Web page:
- New short program a ‘release’ for Duhamel and Radford
- Papadakis and Cizeron to debut season at French Masters
- Making history good starting point for Israel’s Daniel Samohin
- New beginnings for Russia’s Maria Sotskova
- Pas à pas for Japan’s Suto and Boudreau-Audet
- Russia’s Loboda and Drozd prepare for test skates; Junior Grand Prix
2007 US Figure Skating Championships Preview
- Published: January 16, 2007
Ten short months ago in Calgary, U.S. skating dominated the World Championships with four medals, fourth place or better in every discipline, and top eleven finishes for nine of the 10 entrants. The story is very different, however, as Americans compete at the National Championships from January 21-27 in Spokane, Washington.
Top American skaters have had mixed or downright rough seasons, with few Grand Prix medals, zero medals at the Grand Prix Final, and losing records against the rising talent they will battle against at Worlds.
Suddenly, 2007 has become a rebuilding year. Nine-time champion Michelle Kwan will not be in Spokane; neither will defending champion Sasha Cohen. All of the reigning world medalists – Kimmie Meissner, Evan Lysacek, and even Tanith Belbin and Benjamin Agosto – are vulnerable.
A new, younger generation will compete at the senior level for the first time. Names like Rachael Flatt and Stephen Carriere could become household names far sooner than most would have predicted. Technical risk, such as Tiffany Vise and Derek Trent’s throw quadruple salchow or Meryl Davis and Charlie White’s level-four everything, could propel these up-and-comers onto the podium in a season of mostly mediocre skating from the top-ranked Americans.
No one is safe in Spokane as the United States begins this new Olympic cycle, which will bring about new winners and losers leading up to the Vancouver games in 2010.
In Calgary, Kimmie Meissner did not ascend to the throne of great American World Champions – she catapulted to it, leap-frogging over a myriad of veterans including countrywoman Sasha Cohen, who folded under pressure. Meissner, seemingly immune to pressure, showed an ability to deliver perfect performances in the most nerve-wracking situations reminiscent of a young Michelle Kwan. This season, however, Meissner has skated more like Cohen with mistakes in the short program, falls in the long program, and signature triple-triple combinations deserting her in crucial moments. This has resulted in losses in her Grand Prix events that left her completely out of the Grand Prix Final.
Meissner needs to rediscover her competitive fire and deadly-accurate technical precision in Spokane. While she will almost surely make the World team – and quite likely as U.S. Champion – she runs the danger of falling out of the top five at Worlds as quickly as she got there.
Second-ranking American Emily Hughes also skated relatively weak programs in her two Grand Prix events; however, a slow start is more typical for Hughes, sister of Olympic Champion Sarah Hughes. Hughes’s programs and choreography garnered rave reviews, and she nearly won the Cup of China except for controversial downgraded jumps. With power and amplitude to distinguish her from her national and international peers, Hughes has an outside chance to dethrone Meissner and an excellent chance of maintaining her spot on the world team.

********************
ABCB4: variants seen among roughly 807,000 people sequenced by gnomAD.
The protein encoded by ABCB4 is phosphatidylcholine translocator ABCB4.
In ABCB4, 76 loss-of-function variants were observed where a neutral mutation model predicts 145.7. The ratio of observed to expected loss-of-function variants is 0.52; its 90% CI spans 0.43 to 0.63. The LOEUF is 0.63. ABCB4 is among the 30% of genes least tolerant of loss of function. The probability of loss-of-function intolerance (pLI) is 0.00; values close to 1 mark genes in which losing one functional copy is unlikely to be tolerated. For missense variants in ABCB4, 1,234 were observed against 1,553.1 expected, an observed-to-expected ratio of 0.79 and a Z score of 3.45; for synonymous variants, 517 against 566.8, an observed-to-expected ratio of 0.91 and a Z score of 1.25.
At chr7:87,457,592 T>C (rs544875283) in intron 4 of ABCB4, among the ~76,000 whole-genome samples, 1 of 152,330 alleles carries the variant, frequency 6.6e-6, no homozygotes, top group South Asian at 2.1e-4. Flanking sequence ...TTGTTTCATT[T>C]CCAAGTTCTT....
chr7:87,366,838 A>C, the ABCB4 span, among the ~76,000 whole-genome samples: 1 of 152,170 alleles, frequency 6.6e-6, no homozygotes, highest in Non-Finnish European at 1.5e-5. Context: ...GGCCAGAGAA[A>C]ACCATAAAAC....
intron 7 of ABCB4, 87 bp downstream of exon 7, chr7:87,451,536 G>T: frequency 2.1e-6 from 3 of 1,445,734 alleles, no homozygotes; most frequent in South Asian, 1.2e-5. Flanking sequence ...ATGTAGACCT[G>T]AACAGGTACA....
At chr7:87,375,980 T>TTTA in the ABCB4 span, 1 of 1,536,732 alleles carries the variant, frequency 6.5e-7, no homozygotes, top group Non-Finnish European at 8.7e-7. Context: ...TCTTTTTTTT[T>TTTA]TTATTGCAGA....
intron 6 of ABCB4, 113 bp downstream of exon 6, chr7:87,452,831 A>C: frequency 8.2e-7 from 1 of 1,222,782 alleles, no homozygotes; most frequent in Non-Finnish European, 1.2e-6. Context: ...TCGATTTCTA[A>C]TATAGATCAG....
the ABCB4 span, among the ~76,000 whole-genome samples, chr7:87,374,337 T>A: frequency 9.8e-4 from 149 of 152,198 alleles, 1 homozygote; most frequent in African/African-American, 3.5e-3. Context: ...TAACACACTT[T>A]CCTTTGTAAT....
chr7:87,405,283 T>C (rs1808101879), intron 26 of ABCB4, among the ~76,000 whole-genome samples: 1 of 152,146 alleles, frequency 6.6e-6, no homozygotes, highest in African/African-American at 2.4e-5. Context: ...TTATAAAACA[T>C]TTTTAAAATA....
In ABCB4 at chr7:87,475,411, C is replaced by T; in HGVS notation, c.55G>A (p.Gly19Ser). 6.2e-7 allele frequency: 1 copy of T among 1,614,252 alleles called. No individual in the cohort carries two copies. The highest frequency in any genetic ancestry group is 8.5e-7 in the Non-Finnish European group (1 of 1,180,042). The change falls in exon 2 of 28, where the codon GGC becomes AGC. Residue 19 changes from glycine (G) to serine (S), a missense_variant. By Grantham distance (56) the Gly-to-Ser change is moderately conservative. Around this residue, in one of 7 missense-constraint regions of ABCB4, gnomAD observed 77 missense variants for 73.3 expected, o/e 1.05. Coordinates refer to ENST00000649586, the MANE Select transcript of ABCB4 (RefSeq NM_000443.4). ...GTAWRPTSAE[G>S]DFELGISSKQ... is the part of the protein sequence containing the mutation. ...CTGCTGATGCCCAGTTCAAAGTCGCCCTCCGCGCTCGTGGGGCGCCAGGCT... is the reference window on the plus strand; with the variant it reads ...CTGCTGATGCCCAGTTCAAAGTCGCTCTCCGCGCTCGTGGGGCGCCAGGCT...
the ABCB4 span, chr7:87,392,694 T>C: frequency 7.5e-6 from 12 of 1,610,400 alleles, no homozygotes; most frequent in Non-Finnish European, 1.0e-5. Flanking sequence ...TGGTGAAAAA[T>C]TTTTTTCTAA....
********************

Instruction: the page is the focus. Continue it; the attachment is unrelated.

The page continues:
The third spot on the ladies world team is completely up-for-grabs. Those next in line, Alissa Czisny of Ohio, Katy Taylor of Texas, Beatrisa Liang of Los Angeles, and Christine Zukowski of Delaware, have spent as much time on their rear end as they have on their feet this season. All have the “iffy” ability to land the triple flip and Lutz – the two most difficult jumps in their repertoires – and could find themselves in insurmountable holes after the short program if they cannot deliver these jumps.
The door is wide open for any number of young skaters who have shown technical prowess at the junior level. Rachael Flatt of Colorado was forced to withdraw from the Junior Grand Prix with a back injury, but dazzled audiences at summer club competitions with rare seven-triple performances. Required to skate at the Midwestern Sectionals to qualify at Nationals, Flatt demonstrated a high level of skating that bodes well for a return to excellence in Spokane. Flatt is too young to go to the World Championships (until 2009), but could set herself up well for next year with a medal.
Junior Grand Prix medalist Melissa Bulanhagui of Delaware could also challenge. With some of the biggest jumps since Tonya Harding, Bulanhagui has made good attempts at triple Axels in exhibitions and has an exuberant, athletic style differentiating her from many of her competitors. Boston’s Juliana Cannarozzo, skating double for the Ice Princess movie and two-time winner on the Junior Grand Prix, is also poised for a strong debut at her first senior Nationals.
And, even if the senior ladies end up being depressing, never fear. Junior Caroline Zhang of Los Angeles has been delivering performances worthy of senior world medals in her junior events and should take the junior title in a landslide. Virginia’s Ashley Wagner also shows promise with excellent jump combinations and sequences.
For all of the controversy surrounding Johnny Weir in general, there has been surprisingly little at Nationals. Weir has walked away with the national title for three consecutive years. In Spokane, he competes for a fourth consecutive title, something that has not been done since Brian Boitano. Despite his successes at the national level, Weir has had little success at the world level, dropping in the world standings in every year with odd falls, poorly planned programs, and no quadruple jump. In Spokane, Weir battles not only for his title, but also to prove that time has not passed him by. Two years ago, it was nearly inconceivable that Weir would not be on the podium with perfect programs. Now, with the likes of Daisuke Takashi and Nobunari Oda of Japan, France’s Brian Joubert, and countryman Evan Lysacek, it’s questionable whether Weir could medal at the world level even with his very best skate.